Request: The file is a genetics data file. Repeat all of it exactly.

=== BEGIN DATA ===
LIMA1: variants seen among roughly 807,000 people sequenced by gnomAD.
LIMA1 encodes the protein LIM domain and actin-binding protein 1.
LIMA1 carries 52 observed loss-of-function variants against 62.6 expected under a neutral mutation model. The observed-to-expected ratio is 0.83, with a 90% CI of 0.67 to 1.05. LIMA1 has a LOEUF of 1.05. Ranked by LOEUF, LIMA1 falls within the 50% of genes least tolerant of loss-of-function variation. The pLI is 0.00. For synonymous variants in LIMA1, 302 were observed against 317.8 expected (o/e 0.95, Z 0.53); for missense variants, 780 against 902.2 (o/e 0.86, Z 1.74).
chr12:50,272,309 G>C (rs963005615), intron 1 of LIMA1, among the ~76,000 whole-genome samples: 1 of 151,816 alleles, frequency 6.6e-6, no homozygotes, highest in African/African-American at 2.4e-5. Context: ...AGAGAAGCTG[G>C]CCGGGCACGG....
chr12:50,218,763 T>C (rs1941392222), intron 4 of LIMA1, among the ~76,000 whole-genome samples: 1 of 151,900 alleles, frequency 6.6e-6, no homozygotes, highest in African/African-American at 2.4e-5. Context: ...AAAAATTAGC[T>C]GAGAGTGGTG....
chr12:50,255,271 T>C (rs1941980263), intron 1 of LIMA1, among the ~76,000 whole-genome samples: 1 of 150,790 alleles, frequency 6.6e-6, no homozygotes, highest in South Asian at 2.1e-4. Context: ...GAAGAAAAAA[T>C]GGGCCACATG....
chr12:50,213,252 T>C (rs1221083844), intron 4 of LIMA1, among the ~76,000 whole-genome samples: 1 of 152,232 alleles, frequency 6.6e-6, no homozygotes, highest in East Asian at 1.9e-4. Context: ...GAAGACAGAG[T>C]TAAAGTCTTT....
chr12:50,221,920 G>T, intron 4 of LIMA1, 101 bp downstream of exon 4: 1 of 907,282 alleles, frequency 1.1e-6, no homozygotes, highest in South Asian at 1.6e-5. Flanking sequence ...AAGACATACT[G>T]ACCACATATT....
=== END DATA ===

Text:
LIMA1: variants seen among roughly 807,000 people sequenced by gnomAD.
LIMA1 encodes the protein LIM domain and actin-binding protein 1.
LIMA1 carries 52 observed loss-of-function variants against 62.6 expected under a neutral mutation model. The observed-to-expected ratio is 0.83, with a 90% CI of 0.67 to 1.05. LIMA1 has a LOEUF of 1.05. Ranked by LOEUF, LIMA1 falls within the 50% of genes least tolerant of loss-of-function variation. The pLI is 0.00. For synonymous variants in LIMA1, 302 were observed against 317.8 expected (o/e 0.95, Z 0.53); for missense variants, 780 against 902.2 (o/e 0.86, Z 1.74).
chr12:50,272,309 G>C (rs963005615), intron 1 of LIMA1, among the ~76,000 whole-genome samples: 1 of 151,816 alleles, frequency 6.6e-6, no homozygotes, highest in African/African-American at 2.4e-5. Context: ...AGAGAAGCTG[G>C]CCGGGCACGG....
chr12:50,218,763 T>C (rs1941392222), intron 4 of LIMA1, among the ~76,000 whole-genome samples: 1 of 151,900 alleles, frequency 6.6e-6, no homozygotes, highest in African/African-American at 2.4e-5. Context: ...AAAAATTAGC[T>C]GAGAGTGGTG....
chr12:50,255,271 T>C (rs1941980263), intron 1 of LIMA1, among the ~76,000 whole-genome samples: 1 of 150,790 alleles, frequency 6.6e-6, no homozygotes, highest in South Asian at 2.1e-4. Context: ...GAAGAAAAAA[T>C]GGGCCACATG....
chr12:50,213,252 T>C (rs1221083844), intron 4 of LIMA1, among the ~76,000 whole-genome samples: 1 of 152,232 alleles, frequency 6.6e-6, no homozygotes, highest in East Asian at 1.9e-4. Context: ...GAAGACAGAG[T>C]TAAAGTCTTT....
chr12:50,221,920 G>T, intron 4 of LIMA1, 101 bp downstream of exon 4: 1 of 907,282 alleles, frequency 1.1e-6, no homozygotes, highest in South Asian at 1.6e-5. Flanking sequence ...AAGACATACT[G>T]ACCACATATT....